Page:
Borrowings at five-year high, figures show
SECOND-QUARTER farm borrowings have risen to a five-year high, according to the latest Bank of England figures.
During April to June, the UK agriculture, hunting and forestry sector owed the banks £7.93bn, a rise of £285m on the year.
"This comes as no surprise in an industry which is under so much pressure," says John Colley, senior agricultural manager at HSBC Agriculture.
The increase represents a rise of about 4% on the year, reflecting the annual trend seen since 1998, apart from a blip in 2001 caused by £1bn of foot-and-mouth payments. This reduced last years second-quarter borrowings slightly.
F&M compensation also boosted the industrys bank deposits last year. So, although the latest figures show second-quarter deposits fell by £315m this year compared with the same period in 2001, at £3.17bn they still represent a "reasonably healthy" 40% of borrowing which is in line with the five-year trend, says Mr Colley.
Nevertheless, farmers need to give a bit more thought to their business planning once the harvest and autumn rushes are over, he adds. "Farmers cannot afford to be cash-negative over the longer term. But we also have increasing evidence as to how farmers are going to reorganise themselves."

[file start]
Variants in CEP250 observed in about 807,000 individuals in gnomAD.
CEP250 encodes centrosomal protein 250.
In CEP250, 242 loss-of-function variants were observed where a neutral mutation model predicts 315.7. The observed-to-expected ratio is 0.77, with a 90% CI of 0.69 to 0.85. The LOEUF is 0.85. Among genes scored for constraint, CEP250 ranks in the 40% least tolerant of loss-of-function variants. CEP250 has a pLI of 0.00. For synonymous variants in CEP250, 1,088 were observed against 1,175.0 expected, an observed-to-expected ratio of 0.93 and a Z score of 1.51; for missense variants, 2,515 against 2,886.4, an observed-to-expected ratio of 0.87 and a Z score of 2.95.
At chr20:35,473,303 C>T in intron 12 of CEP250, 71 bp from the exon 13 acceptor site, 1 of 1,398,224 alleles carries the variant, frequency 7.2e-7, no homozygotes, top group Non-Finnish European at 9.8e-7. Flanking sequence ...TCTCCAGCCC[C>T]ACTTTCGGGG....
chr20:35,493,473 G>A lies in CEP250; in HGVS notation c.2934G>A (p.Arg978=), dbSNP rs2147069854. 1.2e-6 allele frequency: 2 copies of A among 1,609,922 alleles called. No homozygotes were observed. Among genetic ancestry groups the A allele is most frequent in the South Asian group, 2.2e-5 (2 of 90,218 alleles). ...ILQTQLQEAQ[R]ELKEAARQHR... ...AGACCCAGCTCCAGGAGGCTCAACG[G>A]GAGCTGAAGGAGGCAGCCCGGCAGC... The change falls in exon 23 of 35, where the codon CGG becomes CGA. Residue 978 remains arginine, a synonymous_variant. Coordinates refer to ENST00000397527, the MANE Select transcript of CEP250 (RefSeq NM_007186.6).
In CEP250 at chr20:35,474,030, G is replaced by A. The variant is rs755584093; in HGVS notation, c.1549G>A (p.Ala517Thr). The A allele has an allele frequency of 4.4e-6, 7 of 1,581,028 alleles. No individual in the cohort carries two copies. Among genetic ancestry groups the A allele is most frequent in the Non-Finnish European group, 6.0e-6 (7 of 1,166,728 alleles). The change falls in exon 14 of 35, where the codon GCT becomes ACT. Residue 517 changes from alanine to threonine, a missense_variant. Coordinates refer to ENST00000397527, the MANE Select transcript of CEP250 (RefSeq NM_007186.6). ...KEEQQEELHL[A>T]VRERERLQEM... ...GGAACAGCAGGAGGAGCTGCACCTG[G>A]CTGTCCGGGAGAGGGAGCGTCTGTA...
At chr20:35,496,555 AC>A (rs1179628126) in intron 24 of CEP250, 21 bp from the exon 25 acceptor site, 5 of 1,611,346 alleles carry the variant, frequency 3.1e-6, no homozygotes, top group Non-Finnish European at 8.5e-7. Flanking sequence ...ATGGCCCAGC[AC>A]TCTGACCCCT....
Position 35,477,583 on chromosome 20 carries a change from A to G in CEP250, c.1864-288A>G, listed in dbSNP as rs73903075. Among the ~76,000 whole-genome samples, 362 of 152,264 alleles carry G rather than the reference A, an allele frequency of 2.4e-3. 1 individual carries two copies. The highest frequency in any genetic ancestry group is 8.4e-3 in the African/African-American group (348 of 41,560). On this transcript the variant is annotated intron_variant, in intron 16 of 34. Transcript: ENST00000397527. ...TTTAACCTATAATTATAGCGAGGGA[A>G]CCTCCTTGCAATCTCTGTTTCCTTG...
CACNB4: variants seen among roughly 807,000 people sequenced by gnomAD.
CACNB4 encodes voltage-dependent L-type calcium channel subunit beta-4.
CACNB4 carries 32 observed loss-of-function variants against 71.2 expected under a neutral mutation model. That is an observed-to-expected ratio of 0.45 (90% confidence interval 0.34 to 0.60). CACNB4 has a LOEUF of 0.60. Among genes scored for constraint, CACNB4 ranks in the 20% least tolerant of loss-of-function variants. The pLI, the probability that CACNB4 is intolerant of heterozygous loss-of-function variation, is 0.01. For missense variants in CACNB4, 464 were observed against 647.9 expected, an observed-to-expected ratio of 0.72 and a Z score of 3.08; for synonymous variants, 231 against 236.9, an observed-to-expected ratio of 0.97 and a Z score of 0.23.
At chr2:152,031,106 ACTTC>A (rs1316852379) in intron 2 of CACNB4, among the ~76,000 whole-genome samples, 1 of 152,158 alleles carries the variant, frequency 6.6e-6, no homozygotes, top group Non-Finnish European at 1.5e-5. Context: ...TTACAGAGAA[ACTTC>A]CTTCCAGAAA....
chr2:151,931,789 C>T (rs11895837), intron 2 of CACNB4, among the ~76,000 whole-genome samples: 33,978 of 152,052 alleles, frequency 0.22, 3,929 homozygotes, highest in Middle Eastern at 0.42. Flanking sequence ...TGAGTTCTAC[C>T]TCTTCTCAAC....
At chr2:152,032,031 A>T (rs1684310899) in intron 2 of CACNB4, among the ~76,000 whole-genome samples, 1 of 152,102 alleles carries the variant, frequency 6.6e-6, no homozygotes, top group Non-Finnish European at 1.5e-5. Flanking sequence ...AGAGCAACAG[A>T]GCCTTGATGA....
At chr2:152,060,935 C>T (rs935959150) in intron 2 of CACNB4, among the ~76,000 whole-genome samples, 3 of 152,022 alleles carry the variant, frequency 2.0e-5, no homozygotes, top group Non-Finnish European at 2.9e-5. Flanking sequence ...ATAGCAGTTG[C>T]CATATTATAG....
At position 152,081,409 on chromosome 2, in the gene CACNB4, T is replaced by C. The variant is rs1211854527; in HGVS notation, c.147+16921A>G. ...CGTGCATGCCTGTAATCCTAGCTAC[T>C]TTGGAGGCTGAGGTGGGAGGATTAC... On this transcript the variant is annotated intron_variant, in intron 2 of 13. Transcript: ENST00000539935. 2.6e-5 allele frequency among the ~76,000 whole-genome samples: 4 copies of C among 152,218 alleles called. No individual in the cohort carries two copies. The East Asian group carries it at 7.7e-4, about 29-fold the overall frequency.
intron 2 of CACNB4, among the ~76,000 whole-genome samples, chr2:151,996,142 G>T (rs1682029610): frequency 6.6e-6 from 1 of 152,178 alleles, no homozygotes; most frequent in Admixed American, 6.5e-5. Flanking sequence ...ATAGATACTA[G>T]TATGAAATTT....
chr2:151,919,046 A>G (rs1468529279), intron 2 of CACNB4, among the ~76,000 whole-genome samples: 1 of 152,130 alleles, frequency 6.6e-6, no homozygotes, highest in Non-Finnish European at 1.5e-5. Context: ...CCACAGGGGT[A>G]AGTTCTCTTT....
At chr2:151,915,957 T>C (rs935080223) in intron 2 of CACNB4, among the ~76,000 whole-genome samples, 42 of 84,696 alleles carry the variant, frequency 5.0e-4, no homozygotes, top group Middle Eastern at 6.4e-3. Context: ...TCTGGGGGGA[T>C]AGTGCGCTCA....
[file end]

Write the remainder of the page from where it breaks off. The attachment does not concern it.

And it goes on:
lScotlands farming industry owes the banks £1.23bn, according to new farm borrowing statistics published by the Scottish Executive.
After allowing for inflation, lending to Scottish farmers to the end of May 2002 was up 1.5% on the year. Figures are based on information collected from banks and mortgage companies operating in Scotland. Although total borrowings include advances to agricultural contractors and livestock salesmen, lending to farmers accounted for 96.5% of the total. Of that, 86.4% was lent to owner-occupiers. *